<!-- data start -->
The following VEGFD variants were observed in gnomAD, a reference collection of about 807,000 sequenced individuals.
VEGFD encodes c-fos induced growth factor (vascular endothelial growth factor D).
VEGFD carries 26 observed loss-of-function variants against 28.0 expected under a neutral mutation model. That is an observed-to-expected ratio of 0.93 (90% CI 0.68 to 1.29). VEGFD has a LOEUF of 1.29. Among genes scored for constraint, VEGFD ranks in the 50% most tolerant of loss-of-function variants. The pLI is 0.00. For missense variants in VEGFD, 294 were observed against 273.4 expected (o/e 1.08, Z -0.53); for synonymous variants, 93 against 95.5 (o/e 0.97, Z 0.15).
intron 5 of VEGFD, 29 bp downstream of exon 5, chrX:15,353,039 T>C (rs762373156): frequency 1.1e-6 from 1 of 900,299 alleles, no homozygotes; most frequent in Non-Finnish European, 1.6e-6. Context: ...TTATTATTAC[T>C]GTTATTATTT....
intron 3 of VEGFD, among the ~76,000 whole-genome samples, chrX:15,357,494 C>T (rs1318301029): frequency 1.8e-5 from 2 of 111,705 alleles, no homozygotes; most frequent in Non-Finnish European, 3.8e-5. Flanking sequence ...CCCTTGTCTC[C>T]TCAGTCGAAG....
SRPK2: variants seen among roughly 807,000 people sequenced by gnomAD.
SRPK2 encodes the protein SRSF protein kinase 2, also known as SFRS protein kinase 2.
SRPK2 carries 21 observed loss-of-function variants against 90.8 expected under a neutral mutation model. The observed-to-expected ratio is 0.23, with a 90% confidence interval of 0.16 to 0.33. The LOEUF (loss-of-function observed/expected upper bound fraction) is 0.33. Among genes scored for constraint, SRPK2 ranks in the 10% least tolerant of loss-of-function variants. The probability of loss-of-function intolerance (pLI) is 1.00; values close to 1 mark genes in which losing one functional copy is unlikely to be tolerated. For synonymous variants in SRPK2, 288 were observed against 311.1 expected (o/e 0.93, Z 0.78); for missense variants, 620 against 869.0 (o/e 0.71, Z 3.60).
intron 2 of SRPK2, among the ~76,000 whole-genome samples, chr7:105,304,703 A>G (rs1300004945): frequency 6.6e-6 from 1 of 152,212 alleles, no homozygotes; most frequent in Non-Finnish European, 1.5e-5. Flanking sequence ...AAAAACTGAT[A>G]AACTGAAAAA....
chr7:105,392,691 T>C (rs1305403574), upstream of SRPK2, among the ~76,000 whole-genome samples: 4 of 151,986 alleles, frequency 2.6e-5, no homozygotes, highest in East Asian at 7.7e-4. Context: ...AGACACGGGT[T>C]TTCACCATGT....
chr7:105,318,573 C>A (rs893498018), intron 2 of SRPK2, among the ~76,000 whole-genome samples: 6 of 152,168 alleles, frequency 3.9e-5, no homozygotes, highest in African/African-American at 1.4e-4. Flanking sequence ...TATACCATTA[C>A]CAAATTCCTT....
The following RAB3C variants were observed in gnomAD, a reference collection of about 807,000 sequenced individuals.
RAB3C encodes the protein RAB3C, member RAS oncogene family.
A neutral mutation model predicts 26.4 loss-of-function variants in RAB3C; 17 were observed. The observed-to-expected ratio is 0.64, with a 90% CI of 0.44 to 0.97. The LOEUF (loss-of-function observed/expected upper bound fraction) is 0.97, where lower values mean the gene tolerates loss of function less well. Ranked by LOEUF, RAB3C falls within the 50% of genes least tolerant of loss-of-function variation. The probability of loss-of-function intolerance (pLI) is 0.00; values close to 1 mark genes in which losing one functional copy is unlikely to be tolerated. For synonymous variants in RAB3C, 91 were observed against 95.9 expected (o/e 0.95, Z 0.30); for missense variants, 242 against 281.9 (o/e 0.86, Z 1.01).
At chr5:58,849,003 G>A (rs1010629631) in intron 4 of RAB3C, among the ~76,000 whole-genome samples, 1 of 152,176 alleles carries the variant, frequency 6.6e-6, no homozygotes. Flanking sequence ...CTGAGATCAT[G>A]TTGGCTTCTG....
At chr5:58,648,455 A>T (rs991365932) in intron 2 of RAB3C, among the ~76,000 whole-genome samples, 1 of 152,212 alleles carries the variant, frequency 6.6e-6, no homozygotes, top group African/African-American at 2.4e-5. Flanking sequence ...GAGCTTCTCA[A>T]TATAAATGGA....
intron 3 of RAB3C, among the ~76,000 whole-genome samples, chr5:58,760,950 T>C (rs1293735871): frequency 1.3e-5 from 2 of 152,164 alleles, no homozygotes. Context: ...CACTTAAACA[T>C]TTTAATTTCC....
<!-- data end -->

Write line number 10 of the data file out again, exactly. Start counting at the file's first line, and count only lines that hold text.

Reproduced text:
chr7:105,392,691 T>C (rs1305403574), upstream of SRPK2, among the ~76,000 whole-genome samples: 4 of 151,986 alleles, frequency 2.6e-5, no homozygotes, highest in East Asian at 7.7e-4. Context: ...AGACACGGGT[T>C]TTCACCATGT....